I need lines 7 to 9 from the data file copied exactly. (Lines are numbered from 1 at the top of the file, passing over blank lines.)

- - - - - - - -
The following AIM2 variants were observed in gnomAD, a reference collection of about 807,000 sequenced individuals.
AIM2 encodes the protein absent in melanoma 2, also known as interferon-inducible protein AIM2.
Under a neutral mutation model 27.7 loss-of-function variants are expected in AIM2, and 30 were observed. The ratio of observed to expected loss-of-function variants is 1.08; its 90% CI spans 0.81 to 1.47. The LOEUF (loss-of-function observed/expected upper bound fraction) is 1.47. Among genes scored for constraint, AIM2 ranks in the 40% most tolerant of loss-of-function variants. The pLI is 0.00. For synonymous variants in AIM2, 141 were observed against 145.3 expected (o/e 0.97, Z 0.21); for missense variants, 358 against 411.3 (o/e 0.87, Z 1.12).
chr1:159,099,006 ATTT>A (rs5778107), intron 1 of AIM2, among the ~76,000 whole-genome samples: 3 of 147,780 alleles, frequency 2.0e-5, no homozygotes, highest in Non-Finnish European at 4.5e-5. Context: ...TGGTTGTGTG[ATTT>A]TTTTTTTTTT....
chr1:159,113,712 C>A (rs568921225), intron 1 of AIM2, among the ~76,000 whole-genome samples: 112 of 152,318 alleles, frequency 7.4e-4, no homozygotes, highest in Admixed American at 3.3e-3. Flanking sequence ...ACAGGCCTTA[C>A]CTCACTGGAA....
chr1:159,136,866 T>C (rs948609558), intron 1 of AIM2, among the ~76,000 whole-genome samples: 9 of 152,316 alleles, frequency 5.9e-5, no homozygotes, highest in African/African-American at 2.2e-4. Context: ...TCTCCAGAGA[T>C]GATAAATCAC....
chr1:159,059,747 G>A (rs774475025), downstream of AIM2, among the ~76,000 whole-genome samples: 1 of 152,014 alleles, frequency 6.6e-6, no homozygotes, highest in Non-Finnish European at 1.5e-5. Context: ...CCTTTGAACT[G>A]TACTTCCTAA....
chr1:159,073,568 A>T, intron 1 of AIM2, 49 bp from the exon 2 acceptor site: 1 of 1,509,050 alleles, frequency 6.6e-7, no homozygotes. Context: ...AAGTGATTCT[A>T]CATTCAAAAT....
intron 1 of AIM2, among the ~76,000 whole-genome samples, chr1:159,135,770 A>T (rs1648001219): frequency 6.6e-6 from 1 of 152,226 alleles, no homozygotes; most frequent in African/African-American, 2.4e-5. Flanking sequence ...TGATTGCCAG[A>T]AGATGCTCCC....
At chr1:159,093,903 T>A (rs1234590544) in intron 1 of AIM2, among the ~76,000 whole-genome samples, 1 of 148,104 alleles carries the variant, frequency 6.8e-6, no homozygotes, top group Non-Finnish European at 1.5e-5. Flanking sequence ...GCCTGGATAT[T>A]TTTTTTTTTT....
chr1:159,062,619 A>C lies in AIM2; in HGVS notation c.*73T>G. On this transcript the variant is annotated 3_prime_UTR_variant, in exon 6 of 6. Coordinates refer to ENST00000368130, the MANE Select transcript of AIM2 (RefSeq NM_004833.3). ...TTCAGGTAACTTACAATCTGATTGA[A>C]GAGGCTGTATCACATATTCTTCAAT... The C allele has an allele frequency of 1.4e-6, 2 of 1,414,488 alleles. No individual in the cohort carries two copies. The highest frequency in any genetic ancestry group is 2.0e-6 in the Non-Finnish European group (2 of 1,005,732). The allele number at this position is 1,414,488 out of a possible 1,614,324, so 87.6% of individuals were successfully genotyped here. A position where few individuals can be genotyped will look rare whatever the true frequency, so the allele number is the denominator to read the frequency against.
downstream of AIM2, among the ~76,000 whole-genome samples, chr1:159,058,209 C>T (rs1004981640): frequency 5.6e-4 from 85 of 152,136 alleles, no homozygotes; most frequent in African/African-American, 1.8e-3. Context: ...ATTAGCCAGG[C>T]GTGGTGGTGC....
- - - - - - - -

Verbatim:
chr1:159,059,747 G>A (rs774475025), downstream of AIM2, among the ~76,000 whole-genome samples: 1 of 152,014 alleles, frequency 6.6e-6, no homozygotes, highest in Non-Finnish European at 1.5e-5. Context: ...CCTTTGAACT[G>A]TACTTCCTAA....
chr1:159,073,568 A>T, intron 1 of AIM2, 49 bp from the exon 2 acceptor site: 1 of 1,509,050 alleles, frequency 6.6e-7, no homozygotes. Context: ...AAGTGATTCT[A>T]CATTCAAAAT....
intron 1 of AIM2, among the ~76,000 whole-genome samples, chr1:159,135,770 A>T (rs1648001219): frequency 6.6e-6 from 1 of 152,226 alleles, no homozygotes; most frequent in African/African-American, 2.4e-5. Flanking sequence ...TGATTGCCAG[A>T]AGATGCTCCC....